I commit a lot of wordspace to calling red Bordeaux an ultimate winter wine.  Its more serious provision of sturdy fruit along with a certain severity of structure better accommodates gloomy weather and the rich fare we cook up to warm our tummies. 

Why, then, are we giving you such a sturdy, braised short rib-preferring red now that the sun’s out and the tomato vines finally know it’s time to party?  Because the importer ran out of this, mid-order.  Three cases have rested in the back room awaiting the next boat with the needed supplementation.  NOW we have enough of this nice value to show you. 

- And, regardless of season, it’s kick-ass Bordeaux so let’s just be grateful!

Here is 78% Cabernet Sauvignon, 19% Merlot, 3% Petit Verdot from Bordeaux’s Left Bank, which means you’re getting the more durable type of Bordeaux.  The critics say to allow this to loosen up over the next 3-4 years.  I say that depends on your tolerance of tannins, because I rather like a Bordeaux that’s a little too young versus one which sat around a little too long.  “Damn, we should have uncorked this sooner!” is rarely heard at my table.

Bordeaux is such a vintage-sensitive wine region.  The last time everyone was happy with nearly all of its output was 2010.  2011, 2012, and 2013 all had issues and we had to cherry-pick like crazy to keep good Bordeaux on our shelf.  While a big, fruit-forward, and much-anticipated 2015 supply of Bordeaux awaits us, I’m happy to be finding some perfectly-proportioned and traditionally–flavored 2014’s.  I believe we’ll be admiring ’14 with the provision of a little more hindsight as a perfectly “classical” vintage. 

2013 CASARENA MALBEC – Naoki’s Vineyard, Agrelo, Lujan de Cuyo, Mendoza, Argentina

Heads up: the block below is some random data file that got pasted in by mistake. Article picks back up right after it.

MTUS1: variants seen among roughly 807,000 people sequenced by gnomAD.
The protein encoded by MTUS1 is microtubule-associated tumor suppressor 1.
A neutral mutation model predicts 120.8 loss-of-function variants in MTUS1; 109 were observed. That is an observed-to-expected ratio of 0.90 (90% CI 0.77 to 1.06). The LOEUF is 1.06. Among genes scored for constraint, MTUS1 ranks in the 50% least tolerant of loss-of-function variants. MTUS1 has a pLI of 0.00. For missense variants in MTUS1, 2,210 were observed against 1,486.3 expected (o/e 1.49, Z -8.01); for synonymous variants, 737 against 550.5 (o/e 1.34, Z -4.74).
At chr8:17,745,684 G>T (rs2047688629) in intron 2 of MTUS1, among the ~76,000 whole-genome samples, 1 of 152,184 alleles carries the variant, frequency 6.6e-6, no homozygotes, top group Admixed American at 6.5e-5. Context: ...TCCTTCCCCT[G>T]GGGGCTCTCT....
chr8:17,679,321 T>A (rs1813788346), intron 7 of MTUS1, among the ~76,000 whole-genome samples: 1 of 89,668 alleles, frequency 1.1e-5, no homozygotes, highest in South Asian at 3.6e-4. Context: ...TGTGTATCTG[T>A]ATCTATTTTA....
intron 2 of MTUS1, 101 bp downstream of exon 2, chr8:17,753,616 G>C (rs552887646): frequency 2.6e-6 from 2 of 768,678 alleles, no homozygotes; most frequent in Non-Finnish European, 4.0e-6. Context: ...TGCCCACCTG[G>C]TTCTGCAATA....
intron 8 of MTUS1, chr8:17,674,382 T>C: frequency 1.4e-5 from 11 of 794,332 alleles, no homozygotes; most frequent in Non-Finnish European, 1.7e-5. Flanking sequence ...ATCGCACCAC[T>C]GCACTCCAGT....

We, the American Argentine Malbec-Admiring People (those who spend more than 8.99 for the stuff) are ready to embrace the next era of this wine type – I hope.  Yes, it’s up to YOU to approve or disapprove of a style thoughtful producers would like to show you; less black and bombastic and more elegant in texture and complex in scent and flavor.  Here is such a Malbec.  Those anticipating a more deliberate application of new oak will frown.  Others, hoping for a higher incidence of black fruit richness will wonder.  Considerate World Class Wine Club members will pause and reflect – and perhaps ALSO consider the validation of the wine critics.  More and more of those are supporting such wines with accolades previously reserved for wines delivering more New World bombast.

The fact is, of all the Bordeaux grape varieties Malbec is the least adept at carrying the weight of modern, “more is more” winemaking where riper fruit and newer barrels are utilized for a trophy wine effect of thickness and richness.  Nope, Malbec will always have a certain savory, nearly-green tanginess that simply doesn’t jive with that treatment.  “Let Malbec be Malbec” is the theme more recently heard from the more careful, lower-production makers, and the winemaking has adjusted to accommodate. 

Here is a wine emphasizing the LIVELINESS inherent in the grape.  It is FRESH and ENERGETIC and I’m CAPITALIZING many of my WORDS to DRIVE this point HOME!!  Think of how many more great meals would accompany such a vibrant experience.  Finally, those heavy meat dishes aren’t matched by a wine of similar weight and ponderosity; they’re relieved.  Now, the liveliness happening here is borne not only of less-heavy-handed winemaking but of its source as well.  Its makers have planted these young vines on some of the only limestone discovered in the Agrelo neighborhood of Mendoza.  Limestone, my friends, will always make a wine that’s more exciting to the palate, as great White Burgundy endlessly demonstrates.

Robert Parker’s Wine Advocate awards this 91 points, noting that the next vintage of this very young project will demonstrate more depth.  We’ll keep an eye out for that, but in the meantime please appreciate the levity accompanying the rich flavors happening here; a very “New Malbec” thing for Argentina!      

Selections for April 2017

Grab this vintage!

2010 TERRABIANCA ‘Piano del Cipresso’ – Toscana, Italy

We would urge you to try this now WITH PROTEIN even though it’s still in need of a year or two to fully soften and bloom.  Why drink a wine that’s not quite all it will be?  Because NOW is when you can get MORE.  LATER it will be GONE.  Get it?  We think this is just your FIRST bottle of Cipresso; you’ll know when you appropriately have it at table.